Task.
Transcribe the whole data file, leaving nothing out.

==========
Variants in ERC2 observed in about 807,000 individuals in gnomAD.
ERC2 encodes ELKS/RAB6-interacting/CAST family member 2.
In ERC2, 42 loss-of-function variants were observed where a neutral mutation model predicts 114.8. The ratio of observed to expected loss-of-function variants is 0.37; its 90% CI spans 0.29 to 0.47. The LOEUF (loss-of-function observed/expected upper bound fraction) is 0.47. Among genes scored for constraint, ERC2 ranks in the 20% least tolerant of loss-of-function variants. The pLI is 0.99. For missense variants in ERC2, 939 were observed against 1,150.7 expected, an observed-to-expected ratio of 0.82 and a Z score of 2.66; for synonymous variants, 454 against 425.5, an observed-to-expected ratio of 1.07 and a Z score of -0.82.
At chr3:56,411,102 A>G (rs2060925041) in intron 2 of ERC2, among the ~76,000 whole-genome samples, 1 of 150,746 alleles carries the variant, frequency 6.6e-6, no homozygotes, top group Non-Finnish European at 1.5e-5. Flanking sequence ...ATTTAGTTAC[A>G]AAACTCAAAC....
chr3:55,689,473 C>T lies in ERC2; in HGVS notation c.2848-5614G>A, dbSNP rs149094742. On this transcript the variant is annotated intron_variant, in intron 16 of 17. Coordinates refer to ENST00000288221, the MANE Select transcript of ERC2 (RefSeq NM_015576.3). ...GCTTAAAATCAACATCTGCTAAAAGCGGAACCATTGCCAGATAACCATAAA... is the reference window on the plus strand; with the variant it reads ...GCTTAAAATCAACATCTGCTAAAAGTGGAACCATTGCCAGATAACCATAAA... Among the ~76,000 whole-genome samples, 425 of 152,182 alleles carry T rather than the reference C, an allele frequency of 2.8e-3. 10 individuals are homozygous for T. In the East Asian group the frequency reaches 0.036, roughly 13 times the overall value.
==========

Variants in ERC2 observed in about 807,000 individuals in gnomAD.
ERC2 encodes ELKS/RAB6-interacting/CAST family member 2.
In ERC2, 42 loss-of-function variants were observed where a neutral mutation model predicts 114.8. The ratio of observed to expected loss-of-function variants is 0.37; its 90% CI spans 0.29 to 0.47. The LOEUF (loss-of-function observed/expected upper bound fraction) is 0.47. Among genes scored for constraint, ERC2 ranks in the 20% least tolerant of loss-of-function variants. The pLI is 0.99. For missense variants in ERC2, 939 were observed against 1,150.7 expected, an observed-to-expected ratio of 0.82 and a Z score of 2.66; for synonymous variants, 454 against 425.5, an observed-to-expected ratio of 1.07 and a Z score of -0.82.
At chr3:56,411,102 A>G (rs2060925041) in intron 2 of ERC2, among the ~76,000 whole-genome samples, 1 of 150,746 alleles carries the variant, frequency 6.6e-6, no homozygotes, top group Non-Finnish European at 1.5e-5. Flanking sequence ...ATTTAGTTAC[A>G]AAACTCAAAC....
chr3:55,689,473 C>T lies in ERC2; in HGVS notation c.2848-5614G>A, dbSNP rs149094742. On this transcript the variant is annotated intron_variant, in intron 16 of 17. Coordinates refer to ENST00000288221, the MANE Select transcript of ERC2 (RefSeq NM_015576.3). ...GCTTAAAATCAACATCTGCTAAAAGCGGAACCATTGCCAGATAACCATAAA... is the reference window on the plus strand; with the variant it reads ...GCTTAAAATCAACATCTGCTAAAAGTGGAACCATTGCCAGATAACCATAAA... Among the ~76,000 whole-genome samples, 425 of 152,182 alleles carry T rather than the reference C, an allele frequency of 2.8e-3. 10 individuals are homozygous for T. In the East Asian group the frequency reaches 0.036, roughly 13 times the overall value.